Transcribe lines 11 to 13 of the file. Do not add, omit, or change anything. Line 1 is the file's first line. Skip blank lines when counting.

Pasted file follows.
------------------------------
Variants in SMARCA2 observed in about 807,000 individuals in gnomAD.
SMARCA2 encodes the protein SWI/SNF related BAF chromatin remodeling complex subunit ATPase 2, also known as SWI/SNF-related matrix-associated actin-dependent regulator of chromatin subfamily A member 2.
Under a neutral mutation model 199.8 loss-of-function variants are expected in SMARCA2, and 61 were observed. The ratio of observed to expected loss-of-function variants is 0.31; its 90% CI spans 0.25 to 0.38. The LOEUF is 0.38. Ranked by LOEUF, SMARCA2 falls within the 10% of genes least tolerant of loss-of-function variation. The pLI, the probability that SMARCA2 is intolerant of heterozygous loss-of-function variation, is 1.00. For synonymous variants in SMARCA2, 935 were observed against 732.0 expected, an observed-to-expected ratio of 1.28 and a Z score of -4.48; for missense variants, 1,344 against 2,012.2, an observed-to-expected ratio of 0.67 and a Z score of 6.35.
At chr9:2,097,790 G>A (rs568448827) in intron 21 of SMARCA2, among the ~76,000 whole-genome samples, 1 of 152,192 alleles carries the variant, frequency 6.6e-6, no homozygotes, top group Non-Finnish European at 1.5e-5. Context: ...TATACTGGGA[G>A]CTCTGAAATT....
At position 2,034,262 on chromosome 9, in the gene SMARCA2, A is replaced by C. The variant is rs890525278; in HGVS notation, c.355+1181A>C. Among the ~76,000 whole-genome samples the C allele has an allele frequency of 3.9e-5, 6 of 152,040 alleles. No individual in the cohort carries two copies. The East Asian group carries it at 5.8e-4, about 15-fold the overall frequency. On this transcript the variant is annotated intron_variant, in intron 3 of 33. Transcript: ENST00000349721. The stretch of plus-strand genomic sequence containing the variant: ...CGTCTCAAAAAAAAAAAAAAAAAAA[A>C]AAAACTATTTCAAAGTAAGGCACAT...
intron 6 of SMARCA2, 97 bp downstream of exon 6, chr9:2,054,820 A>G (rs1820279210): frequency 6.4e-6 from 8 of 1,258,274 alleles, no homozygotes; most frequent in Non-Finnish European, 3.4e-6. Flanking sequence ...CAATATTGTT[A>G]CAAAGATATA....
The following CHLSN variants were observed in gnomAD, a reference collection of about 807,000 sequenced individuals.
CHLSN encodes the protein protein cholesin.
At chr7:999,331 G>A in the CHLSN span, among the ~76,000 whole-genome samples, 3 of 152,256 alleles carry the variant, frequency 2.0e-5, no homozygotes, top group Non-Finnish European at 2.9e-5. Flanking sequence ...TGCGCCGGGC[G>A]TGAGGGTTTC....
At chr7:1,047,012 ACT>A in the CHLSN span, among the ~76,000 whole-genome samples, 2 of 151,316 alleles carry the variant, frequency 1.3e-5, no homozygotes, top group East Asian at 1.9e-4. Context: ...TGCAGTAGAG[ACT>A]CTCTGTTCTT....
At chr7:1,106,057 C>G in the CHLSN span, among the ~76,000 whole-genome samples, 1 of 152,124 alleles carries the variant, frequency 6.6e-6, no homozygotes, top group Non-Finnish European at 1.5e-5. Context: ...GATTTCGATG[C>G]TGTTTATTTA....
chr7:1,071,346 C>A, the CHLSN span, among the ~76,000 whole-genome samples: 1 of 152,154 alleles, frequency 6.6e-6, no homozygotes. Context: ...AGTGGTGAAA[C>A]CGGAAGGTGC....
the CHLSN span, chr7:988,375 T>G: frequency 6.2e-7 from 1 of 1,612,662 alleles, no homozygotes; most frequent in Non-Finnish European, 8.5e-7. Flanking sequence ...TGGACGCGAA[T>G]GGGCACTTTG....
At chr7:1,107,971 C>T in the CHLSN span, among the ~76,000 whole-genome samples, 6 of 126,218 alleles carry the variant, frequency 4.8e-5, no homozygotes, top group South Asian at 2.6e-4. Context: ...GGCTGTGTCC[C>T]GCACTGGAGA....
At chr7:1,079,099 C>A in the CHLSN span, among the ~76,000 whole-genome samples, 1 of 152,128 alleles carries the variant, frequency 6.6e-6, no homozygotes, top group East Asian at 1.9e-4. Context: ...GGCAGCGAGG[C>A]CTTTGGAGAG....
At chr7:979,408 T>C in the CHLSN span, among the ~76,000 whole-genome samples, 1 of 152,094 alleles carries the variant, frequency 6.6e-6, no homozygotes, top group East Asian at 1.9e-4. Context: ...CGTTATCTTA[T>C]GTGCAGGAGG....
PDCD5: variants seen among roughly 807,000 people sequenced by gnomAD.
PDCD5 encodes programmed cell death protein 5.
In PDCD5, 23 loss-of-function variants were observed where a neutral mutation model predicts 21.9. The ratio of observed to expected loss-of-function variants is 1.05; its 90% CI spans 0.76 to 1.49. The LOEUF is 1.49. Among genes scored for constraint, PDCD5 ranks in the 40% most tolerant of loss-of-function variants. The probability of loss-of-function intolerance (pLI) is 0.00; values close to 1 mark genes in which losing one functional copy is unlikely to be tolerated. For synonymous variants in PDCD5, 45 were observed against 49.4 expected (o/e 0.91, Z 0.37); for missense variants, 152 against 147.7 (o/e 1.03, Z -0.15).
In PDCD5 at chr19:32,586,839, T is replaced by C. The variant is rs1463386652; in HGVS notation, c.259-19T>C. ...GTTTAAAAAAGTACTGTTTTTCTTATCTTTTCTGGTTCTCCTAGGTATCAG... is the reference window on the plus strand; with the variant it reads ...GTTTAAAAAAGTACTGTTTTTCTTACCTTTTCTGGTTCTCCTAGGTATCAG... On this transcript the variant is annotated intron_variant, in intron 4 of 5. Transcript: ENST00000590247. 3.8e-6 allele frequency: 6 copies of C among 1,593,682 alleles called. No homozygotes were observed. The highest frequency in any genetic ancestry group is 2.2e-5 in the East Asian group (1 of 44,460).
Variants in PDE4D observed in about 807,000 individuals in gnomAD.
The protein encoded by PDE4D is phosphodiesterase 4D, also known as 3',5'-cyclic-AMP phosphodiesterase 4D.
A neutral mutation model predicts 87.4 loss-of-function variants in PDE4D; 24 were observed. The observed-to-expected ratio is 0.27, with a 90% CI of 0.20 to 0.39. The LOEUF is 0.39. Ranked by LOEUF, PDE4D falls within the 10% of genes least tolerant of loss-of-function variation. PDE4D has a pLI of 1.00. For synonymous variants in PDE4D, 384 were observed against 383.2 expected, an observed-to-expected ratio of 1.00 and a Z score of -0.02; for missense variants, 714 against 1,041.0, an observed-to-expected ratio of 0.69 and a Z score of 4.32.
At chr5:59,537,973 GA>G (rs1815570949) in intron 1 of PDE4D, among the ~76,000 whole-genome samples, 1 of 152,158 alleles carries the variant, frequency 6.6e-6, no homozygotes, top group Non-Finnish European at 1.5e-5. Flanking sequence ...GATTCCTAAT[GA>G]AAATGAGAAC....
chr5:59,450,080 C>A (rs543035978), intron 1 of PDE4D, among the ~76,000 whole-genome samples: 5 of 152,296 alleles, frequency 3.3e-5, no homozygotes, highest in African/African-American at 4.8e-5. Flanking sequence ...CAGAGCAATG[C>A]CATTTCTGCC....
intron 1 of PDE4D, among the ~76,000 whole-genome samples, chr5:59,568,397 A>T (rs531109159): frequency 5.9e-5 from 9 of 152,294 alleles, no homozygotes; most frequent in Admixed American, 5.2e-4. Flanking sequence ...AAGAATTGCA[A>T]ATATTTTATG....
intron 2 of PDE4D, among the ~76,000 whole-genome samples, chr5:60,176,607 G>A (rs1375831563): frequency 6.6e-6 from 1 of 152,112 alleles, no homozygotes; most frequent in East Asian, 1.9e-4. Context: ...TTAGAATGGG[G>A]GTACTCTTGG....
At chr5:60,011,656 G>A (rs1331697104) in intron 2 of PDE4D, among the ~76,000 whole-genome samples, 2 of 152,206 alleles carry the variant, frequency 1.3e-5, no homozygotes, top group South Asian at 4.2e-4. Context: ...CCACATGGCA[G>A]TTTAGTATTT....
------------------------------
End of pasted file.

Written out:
At chr7:1,106,057 C>G in the CHLSN span, among the ~76,000 whole-genome samples, 1 of 152,124 alleles carries the variant, frequency 6.6e-6, no homozygotes, top group Non-Finnish European at 1.5e-5. Context: ...GATTTCGATG[C>G]TGTTTATTTA....
chr7:1,071,346 C>A, the CHLSN span, among the ~76,000 whole-genome samples: 1 of 152,154 alleles, frequency 6.6e-6, no homozygotes. Context: ...AGTGGTGAAA[C>A]CGGAAGGTGC....
the CHLSN span, chr7:988,375 T>G: frequency 6.2e-7 from 1 of 1,612,662 alleles, no homozygotes; most frequent in Non-Finnish European, 8.5e-7. Flanking sequence ...TGGACGCGAA[T>G]GGGCACTTTG....